Dawn of films: The Silent Era

Science Fiction is described by the Merriam-Webster dictionary as “fiction dealing principally with the impact of actual or imagined science on society or individuals or having a scientific factor as an essential orienting component.” We all know Science Fiction, right? Spaceships, robots, and time travel. But the truth is, it’s more complicated than that. Some Science Fiction is a series look at what the future might look like in hundred years or even the next five years. Or it might the tell a tale where science is nothing more to have the story take place in a fantastical world with strange creatures. While none is better than the other, films tend to favor the latter.

Science Fiction has grown from a niche genre to a main stay of pop culture. One of the biggest factors for this has been feature films. Even before sound, filmmakers have been of been bringing sci-fi to the silver screen. But unlike books or comics which where only limited by the writers and artists’ skill and imagination, science fiction films have only been limited by what they could make with their own hands. This made the filmmakers think of clever ways around their limitations. Pushing not only their skills to new levels, but the entire medium of films. This is a history of science fiction in movies.

Silent films

The very first science fiction film is La Charcuterie Mécanique, translated to The Mechanical Butcher, directed by the Lumiere Brothers, who were pioneers in filmmaking. Born in France they were famous for inventing the cinematograph, which was both a camera and film projector. La Charcuterie Mécanique is a 50 second film that shows a street butcher using a “mechanical box” to turn a live pig into perfectly cut meat. Basically, a man puts a pig in a box and takes out pork chops and sausages.It was made in 1895, people where still amazed at moving pictures.

The second science fiction film was directed by George Méliès, a French illusionist. Méliès is best known for his fantasy works. Gugusse and the Automaton is about a clown who is amazed at a moving mechanical man. Unfortunately, the film has been lost.

What hasn’t been lost to time is Méliès most famous science fiction film, the 1905 A Trip to the Moon. The film follows several scientists as they blast off to the moon and encounter moon men. It was one of Méliès longest film, at 13 minutes. To film the movie, he built a greenhouse studio to let in as much light as possible. The filmed used painted backgrounds combined with substitution splice technique to create its fantastical world. Méliès also went all out for the costumes. He personal sculpted models for the costumes and made plaster molds of them. A specialist than made cardboards version for the actors to wear.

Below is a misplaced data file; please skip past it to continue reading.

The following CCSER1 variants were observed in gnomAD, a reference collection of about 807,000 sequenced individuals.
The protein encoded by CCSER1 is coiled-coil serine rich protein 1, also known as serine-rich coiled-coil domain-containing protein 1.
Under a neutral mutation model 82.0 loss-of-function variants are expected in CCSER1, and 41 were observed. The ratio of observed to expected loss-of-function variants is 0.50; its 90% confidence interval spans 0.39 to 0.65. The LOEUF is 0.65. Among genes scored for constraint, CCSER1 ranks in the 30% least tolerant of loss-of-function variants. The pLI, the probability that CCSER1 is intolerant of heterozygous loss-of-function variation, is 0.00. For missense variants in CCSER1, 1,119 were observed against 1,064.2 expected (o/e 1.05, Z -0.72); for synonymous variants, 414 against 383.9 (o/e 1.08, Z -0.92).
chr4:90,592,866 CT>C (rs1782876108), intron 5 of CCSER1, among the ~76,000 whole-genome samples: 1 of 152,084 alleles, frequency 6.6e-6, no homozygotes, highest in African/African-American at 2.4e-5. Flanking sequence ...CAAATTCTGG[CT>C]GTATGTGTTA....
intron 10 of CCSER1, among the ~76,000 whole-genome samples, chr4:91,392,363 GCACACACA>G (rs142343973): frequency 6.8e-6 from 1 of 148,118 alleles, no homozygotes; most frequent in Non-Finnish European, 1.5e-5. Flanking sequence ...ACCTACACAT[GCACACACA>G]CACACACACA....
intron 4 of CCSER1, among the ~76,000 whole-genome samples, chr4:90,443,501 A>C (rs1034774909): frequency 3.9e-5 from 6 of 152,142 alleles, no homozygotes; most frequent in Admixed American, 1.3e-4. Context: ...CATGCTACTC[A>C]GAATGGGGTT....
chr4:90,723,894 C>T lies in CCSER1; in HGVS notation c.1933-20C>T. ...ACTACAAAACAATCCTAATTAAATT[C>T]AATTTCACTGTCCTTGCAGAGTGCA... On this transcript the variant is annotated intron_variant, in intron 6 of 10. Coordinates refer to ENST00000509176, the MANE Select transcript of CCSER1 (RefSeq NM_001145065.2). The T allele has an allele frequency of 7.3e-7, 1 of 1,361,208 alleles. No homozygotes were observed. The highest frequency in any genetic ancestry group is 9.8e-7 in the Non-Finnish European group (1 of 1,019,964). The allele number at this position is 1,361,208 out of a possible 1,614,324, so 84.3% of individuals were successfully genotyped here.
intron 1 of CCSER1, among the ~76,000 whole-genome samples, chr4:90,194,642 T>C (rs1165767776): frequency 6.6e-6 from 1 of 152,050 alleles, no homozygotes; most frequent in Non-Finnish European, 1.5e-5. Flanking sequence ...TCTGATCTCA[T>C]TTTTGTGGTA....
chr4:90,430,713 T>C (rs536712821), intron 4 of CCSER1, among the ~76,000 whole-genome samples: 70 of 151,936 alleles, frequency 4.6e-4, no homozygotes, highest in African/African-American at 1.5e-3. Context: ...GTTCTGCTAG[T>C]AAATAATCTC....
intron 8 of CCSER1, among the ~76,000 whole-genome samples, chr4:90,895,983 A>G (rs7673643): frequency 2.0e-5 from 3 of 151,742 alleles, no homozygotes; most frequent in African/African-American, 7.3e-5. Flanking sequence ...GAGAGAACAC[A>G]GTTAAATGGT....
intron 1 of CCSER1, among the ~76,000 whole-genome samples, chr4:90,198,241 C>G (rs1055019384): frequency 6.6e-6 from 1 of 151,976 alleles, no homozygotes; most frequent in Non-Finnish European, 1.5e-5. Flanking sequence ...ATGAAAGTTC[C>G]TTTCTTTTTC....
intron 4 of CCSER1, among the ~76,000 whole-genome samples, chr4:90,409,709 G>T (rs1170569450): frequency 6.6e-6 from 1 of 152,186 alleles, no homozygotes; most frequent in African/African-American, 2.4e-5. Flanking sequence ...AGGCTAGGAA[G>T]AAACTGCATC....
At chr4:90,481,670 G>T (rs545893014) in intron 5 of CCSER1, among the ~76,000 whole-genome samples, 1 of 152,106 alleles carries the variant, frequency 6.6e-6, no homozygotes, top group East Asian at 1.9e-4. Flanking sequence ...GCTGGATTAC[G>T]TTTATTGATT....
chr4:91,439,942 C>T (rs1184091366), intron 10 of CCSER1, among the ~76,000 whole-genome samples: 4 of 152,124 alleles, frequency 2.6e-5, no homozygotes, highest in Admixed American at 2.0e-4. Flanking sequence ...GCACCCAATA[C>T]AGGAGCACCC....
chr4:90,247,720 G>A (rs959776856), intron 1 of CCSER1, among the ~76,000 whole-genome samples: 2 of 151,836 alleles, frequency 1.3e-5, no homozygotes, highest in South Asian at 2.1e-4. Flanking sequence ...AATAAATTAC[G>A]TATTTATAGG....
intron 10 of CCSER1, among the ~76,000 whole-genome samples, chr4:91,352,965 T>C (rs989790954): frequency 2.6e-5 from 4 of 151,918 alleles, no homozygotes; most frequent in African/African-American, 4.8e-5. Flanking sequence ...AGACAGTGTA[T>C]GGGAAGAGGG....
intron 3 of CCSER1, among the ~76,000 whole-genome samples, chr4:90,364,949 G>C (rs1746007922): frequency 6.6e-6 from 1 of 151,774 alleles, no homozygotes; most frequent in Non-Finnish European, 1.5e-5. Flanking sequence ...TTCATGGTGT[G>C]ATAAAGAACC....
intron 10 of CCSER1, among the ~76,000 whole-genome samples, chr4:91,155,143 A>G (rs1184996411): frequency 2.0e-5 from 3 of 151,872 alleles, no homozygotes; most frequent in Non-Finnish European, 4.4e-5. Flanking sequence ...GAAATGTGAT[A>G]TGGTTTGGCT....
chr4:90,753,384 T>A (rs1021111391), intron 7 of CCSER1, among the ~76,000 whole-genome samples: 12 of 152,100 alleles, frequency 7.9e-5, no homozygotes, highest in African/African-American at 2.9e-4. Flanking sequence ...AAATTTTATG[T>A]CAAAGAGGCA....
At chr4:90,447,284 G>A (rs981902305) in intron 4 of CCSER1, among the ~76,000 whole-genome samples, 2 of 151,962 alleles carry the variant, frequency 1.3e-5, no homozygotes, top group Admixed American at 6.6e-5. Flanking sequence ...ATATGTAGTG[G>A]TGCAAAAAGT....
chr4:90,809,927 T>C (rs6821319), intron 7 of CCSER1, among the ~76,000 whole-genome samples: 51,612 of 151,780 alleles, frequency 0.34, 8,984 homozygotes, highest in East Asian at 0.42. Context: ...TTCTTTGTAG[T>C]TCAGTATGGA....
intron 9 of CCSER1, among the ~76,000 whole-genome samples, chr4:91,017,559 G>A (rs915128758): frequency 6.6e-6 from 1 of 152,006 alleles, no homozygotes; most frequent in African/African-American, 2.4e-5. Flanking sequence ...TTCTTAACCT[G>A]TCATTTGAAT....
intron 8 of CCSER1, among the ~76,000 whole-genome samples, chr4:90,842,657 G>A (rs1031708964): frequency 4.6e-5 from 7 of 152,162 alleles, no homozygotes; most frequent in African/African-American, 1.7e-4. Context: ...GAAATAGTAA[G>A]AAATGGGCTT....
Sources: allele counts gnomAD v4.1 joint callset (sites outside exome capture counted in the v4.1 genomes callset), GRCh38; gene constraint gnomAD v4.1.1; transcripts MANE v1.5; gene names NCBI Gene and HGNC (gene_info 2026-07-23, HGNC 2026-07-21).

A Trip to the Moon lands firmly in soft science fiction, without attempting to pass of anything of possible. It was more of a parody of 19th century science. The film was widely popular especially in the United States. Unfortunately, Méliès say very little profit overseas as the film as pirated by Thomas Edison. Yes, that Thomas Edison.

Most films of this era were very simply adaptions of novels. In 1910 a fifteen minute film of Frankenstein was made.

The nickelodeon gave way to feature length films. In 1916 saw Universal release a 105 minute 20,000 Leagues Under the Sea. This was also the first film to be shot under water, using a system of watertight tubes and mirrors allowed the camera to shoot reflected images of underwater scenes staged in shallow sunlit waters. This combined large sets and special effects was a risk for the than new studio.

But the biggest film of the silent era has to be Metropolis. Released in 1927 directed by Fritz Lang. The film is famous for its scope and size. The film follows a futuristic city in the year 2026. The son of the city master fails for a woman who fights for the workers right. Meanwhile, mad scientist replaces the woman with a robot. Considered today to be one of the greatest films ever made, making several greatest movies lists. The effects were groundbreaking. Lang used miniatures of the city and the Schufftan process, were the use mirrors to make the illusion of actors occupying the miniatures.



Despite its reputation as one of the greatest films ever made, it was not all that well received when released back in 1927. H. G. Wells, yes that H. G. Wells, blasted it in The New York Times. Wells thought it was derivative of Frankenstein and his own work, particularly The Sleeper Awakens. “Originality there is none. Independent thought, none… I do not think there is a single new idea, a single instance of artistic creation or even intelligent anticipation, from first to last in the whole pretentious stew.” Read the whole thing. It’s actually quite interesting.




In the US, the film was under fire for socialist themes. The three-hour running time was cut to 90 minutes by Us distributors. The film was highly praised by the Nazi party, with Nazi head of propaganda Joseph Goebbles particularly loved it. It didn’t help that the writer and Lang’s than wife, Thea von Harbou, would join the Nazi party in 1933. Lang than divorced her and fled the country. Lang spent the rest of his life distancing himself away from Metropolis.

But while Metropolis was the height of what science fiction films could be, films themselves would be forever changed. It was time for talking.  

Solomon, Matthew Fantastic Voyages of the Cinematic Imagination: Georges Méliès’s Trip to the Moon, Albary: state university of New York Press

Johnson, Keith M. (2011), Science Fiction Film: A critical Inroduction, Oxford:Berg Publishers

Tavis, Brain A Pioneer under the sea loc.gov/loc/lcib/9615/sea.html

McGilligan, Patrick (1997). Fritz Lang: The Nature of the Beast. New York: St Martin’s  Press



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